Another 42 words (3 lines of text) are included under the topic Early Caxten Notables in all our PDF Extended History products and printed products wherever possible.

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The Great Migration


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The Great Migration



For many English families, the political and religious disarray that plagued their homeland made the frontiers of the New World an attractive prospect. Thousands migrated, aboard cramped disease-ridden ships. They arrived sick, poor, and hungry, but were welcomed in many cases with far greater opportunity than at home in England. Many of these hardy settlers went on to make important contributions to the emerging nations in which they landed. Among early immigrants bearing the name Caxten or a variant listed above were: Bryan Caxton, who settled in Maryland in 1678.

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Caxten Family Crest Products


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Caxten Family Crest Products




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See Also


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See Also




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Citations


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Citations



  1. ^ Williams, Dr Ann. And G.H. Martin, Eds., Domesday Book A Complete Translation. London: Penguin, 1992. Print. (ISBN 0-141-00523-8)

Other References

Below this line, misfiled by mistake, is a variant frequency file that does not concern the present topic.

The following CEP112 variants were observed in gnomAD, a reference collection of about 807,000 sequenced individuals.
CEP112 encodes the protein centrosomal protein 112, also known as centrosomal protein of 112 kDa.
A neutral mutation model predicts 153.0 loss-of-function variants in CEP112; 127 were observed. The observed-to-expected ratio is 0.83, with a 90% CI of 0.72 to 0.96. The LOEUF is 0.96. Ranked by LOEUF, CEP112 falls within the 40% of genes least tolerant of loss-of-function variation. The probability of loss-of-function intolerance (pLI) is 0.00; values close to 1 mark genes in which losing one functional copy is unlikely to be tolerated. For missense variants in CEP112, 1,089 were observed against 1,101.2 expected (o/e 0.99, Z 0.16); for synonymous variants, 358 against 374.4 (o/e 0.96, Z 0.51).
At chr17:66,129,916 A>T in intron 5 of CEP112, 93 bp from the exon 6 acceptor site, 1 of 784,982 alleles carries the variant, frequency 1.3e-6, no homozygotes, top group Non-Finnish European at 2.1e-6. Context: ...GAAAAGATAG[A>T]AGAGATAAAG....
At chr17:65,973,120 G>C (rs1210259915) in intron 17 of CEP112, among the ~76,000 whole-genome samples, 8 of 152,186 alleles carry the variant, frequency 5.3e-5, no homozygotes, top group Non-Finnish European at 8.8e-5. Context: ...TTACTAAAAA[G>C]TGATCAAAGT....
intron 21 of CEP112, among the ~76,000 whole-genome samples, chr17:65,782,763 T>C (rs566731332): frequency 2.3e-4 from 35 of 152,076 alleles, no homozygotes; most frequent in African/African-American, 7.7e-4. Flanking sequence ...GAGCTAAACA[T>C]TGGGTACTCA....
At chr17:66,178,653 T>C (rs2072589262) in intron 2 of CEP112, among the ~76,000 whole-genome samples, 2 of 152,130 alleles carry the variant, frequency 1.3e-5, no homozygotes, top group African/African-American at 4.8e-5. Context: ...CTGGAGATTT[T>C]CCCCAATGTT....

1. Magnusson, Magnus. Chambers Biographical Dictionary 5th edition. Edinburgh: W & R Chambers, 1990. Print.
  2. Cook, Chris. English Historical Facts 1603-1688. London: MacMillan, 1980. Print.
  3. Bardsley, C.W. A Dictionary of English and Welsh Surnames: With Special American Instances. Wiltshire: Heraldry Today, 1901. Print. (ISBN 0-900455-44-6).
  4. Chadwick, Nora Kershaw and J.X.W.P Corcoran. The Celts. London: Penguin, 1790. Print. (ISBN 0140212116).
  5. Reaney P.H and R.M. Wilson. A Dictionary of English Surnames. London: Routledge, 1991. Print. (ISBN 0-415-05737-X).
  6. Weis, Frederick Lewis, Walter Lee Sheppard and David Faris. Ancestral Roots of Sixty Colonists Who Came to New England Between 1623 and 1650 7th Edition. Baltimore: Genealogical Publishing, 1992. Print. (ISBN 0806313676).
  7. Robb H. Amanda and Andrew Chesler. Encyclopedia of American Family Names. New York: Haper Collins, 1995. Print. (ISBN 0-06-270075-8).
  8. Bullock, L.G. Historical Map of England and Wales. Edinburgh: Bartholomew and Son, 1971. Print.
  9. Library of Congress. American and English Genealogies in the Library of Congress. Baltimore: Genealogical Publishing, 1967. Print.
  10. Burke, Sir Bernard. Genealogical and Heraldic History of the Peerage and Baronetage, The Privy Council, Knightage and Compainonage. London: Burke Publishing, 1921. Print.
  11. ...

The Caxten Family Crest was acquired from the Houseofnames.com archives. The Caxten Family Crest was drawn according to heraldic standards based on published blazons. We generally include the oldest published family crest once associated with each surname.

This page was last modified on 2 December 2014 at 15:18.